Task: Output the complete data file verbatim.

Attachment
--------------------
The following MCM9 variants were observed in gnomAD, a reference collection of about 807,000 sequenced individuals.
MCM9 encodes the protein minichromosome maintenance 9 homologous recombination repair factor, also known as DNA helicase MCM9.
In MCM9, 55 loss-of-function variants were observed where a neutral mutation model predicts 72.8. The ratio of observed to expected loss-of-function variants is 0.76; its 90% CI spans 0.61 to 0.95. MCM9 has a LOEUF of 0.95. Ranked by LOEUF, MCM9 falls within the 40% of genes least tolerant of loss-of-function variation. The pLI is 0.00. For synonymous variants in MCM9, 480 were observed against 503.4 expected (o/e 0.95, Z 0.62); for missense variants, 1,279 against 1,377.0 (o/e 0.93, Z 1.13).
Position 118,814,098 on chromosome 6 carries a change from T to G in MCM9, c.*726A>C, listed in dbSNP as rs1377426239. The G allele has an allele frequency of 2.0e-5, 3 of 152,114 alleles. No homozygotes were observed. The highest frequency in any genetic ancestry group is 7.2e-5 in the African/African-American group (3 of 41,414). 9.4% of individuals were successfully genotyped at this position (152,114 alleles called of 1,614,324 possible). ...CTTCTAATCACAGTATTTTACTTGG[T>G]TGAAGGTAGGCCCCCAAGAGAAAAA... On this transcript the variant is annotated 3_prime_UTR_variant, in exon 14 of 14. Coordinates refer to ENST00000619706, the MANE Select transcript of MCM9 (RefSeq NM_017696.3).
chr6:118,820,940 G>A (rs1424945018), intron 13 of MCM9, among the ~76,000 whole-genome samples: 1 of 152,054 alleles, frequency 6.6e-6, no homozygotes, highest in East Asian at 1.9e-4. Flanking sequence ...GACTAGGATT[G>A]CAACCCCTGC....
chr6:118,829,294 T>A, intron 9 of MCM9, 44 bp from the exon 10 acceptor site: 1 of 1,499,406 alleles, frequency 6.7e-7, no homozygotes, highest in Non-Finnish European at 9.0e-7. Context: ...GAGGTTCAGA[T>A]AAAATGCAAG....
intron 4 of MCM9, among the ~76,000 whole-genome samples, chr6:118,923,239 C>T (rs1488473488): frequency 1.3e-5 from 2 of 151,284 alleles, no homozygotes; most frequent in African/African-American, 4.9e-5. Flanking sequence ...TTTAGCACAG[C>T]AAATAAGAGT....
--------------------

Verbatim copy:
The following MCM9 variants were observed in gnomAD, a reference collection of about 807,000 sequenced individuals.
MCM9 encodes the protein minichromosome maintenance 9 homologous recombination repair factor, also known as DNA helicase MCM9.
In MCM9, 55 loss-of-function variants were observed where a neutral mutation model predicts 72.8. The ratio of observed to expected loss-of-function variants is 0.76; its 90% CI spans 0.61 to 0.95. MCM9 has a LOEUF of 0.95. Ranked by LOEUF, MCM9 falls within the 40% of genes least tolerant of loss-of-function variation. The pLI is 0.00. For synonymous variants in MCM9, 480 were observed against 503.4 expected (o/e 0.95, Z 0.62); for missense variants, 1,279 against 1,377.0 (o/e 0.93, Z 1.13).
Position 118,814,098 on chromosome 6 carries a change from T to G in MCM9, c.*726A>C, listed in dbSNP as rs1377426239. The G allele has an allele frequency of 2.0e-5, 3 of 152,114 alleles. No homozygotes were observed. The highest frequency in any genetic ancestry group is 7.2e-5 in the African/African-American group (3 of 41,414). 9.4% of individuals were successfully genotyped at this position (152,114 alleles called of 1,614,324 possible). ...CTTCTAATCACAGTATTTTACTTGG[T>G]TGAAGGTAGGCCCCCAAGAGAAAAA... On this transcript the variant is annotated 3_prime_UTR_variant, in exon 14 of 14. Coordinates refer to ENST00000619706, the MANE Select transcript of MCM9 (RefSeq NM_017696.3).
chr6:118,820,940 G>A (rs1424945018), intron 13 of MCM9, among the ~76,000 whole-genome samples: 1 of 152,054 alleles, frequency 6.6e-6, no homozygotes, highest in East Asian at 1.9e-4. Flanking sequence ...GACTAGGATT[G>A]CAACCCCTGC....
chr6:118,829,294 T>A, intron 9 of MCM9, 44 bp from the exon 10 acceptor site: 1 of 1,499,406 alleles, frequency 6.7e-7, no homozygotes, highest in Non-Finnish European at 9.0e-7. Context: ...GAGGTTCAGA[T>A]AAAATGCAAG....
intron 4 of MCM9, among the ~76,000 whole-genome samples, chr6:118,923,239 C>T (rs1488473488): frequency 1.3e-5 from 2 of 151,284 alleles, no homozygotes; most frequent in African/African-American, 4.9e-5. Flanking sequence ...TTTAGCACAG[C>T]AAATAAGAGT....